January 26, 2017

García's Tricks

In my personal association with Manuel García, I had to admire profoundly his sincerity and honesty. He impressed upon me the idea that the greatest part of a teacher's success depends not so much on his ability to develop singers of perfect execution as on his possessing the strength of character to refuse to encourage mediocre talent. Because most teachers during the nineteenth and early twentieth centuries were of this integrity, the opera and concert stage presented truly great artists. There were few inferior singers then, for they had been discouraged from the outset from attempting anything but singing for their own pleasure. Even singers of first quality always had to keep themselves at their best, to hold their place amid severe competition. Teachers were fewer in number, but of a superior kind; in many cases, highly cultured in all branches of literature, history, and languages. Their pupils followed their advice with confidence, and in return were devoted to them. Teacher and pupil, possessing culture and intelligence, co-operatied for successful achievement. 

For that reason, Manuel García was deemed a wizard because of his success in developing great singers. He was able to diagnose perfectly the voices of those who came to him, and to obtain immediate results. Often, in humorous mood, he related to me incidents pertaining to his pupils, some of whom came to him to learn his "tricks," as they called his technique. They had learned, for example, that under him, Stockhausen—the first and incomparable German "Lieder" singer, also opera and oratorio—learned the trill in one lesson. The term "tricks" he naturally resented, and he also disliked hearing his teaching technique called "a method." As he said to me, "Any shoemaker or butcher can have a method of making shoes or cutting meat; we have a science of vocal production which has proved itself a true science by the results it has obtained."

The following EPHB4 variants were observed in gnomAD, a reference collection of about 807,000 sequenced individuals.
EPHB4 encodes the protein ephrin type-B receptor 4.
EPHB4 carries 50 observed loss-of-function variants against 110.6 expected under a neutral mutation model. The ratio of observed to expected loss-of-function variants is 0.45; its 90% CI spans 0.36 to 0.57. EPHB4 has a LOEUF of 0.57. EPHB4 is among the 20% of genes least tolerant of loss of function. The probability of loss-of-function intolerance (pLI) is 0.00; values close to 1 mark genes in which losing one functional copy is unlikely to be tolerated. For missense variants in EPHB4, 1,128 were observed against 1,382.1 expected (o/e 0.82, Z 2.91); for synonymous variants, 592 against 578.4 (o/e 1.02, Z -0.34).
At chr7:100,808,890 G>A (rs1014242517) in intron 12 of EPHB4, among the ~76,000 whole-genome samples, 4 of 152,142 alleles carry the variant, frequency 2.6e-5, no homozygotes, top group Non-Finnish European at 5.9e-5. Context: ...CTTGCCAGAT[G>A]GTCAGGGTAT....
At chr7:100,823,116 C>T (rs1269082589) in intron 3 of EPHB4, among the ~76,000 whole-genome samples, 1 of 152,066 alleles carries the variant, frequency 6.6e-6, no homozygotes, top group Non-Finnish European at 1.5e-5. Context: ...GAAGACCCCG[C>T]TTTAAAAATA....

As a teacher, Manuel García was very patient in his explanations; he was exact and thorough. He was also completely modest, courteous and full of humor. His knowledge of the history of music and the art of singing of different epochs was without equal. Always kind and fair in his criticisms, he sometimes appeared to be severe, but that severity was only the honesty from which any true artist profits. 

In 1847, he published his book, Traité Complet de L'Art de Chant. It was immediately acclaimed and is still recognized as possibly the best treatise ever written on scientific voice culture. This publication was followed by a condensed treatment of the subject, called Hints on Singing. I must confess, however, that I feel it is impossible, and might even be injurious, to try to gain information only through books. Personal contact with the teacher is absolutely essential, for otherwise the student will receive theoretical impressions without the supervised test of practical experience.

Anna E. Schoen-René, America's Musical Inheritance: Memories and Reminiscences (1941}: 97-99. 

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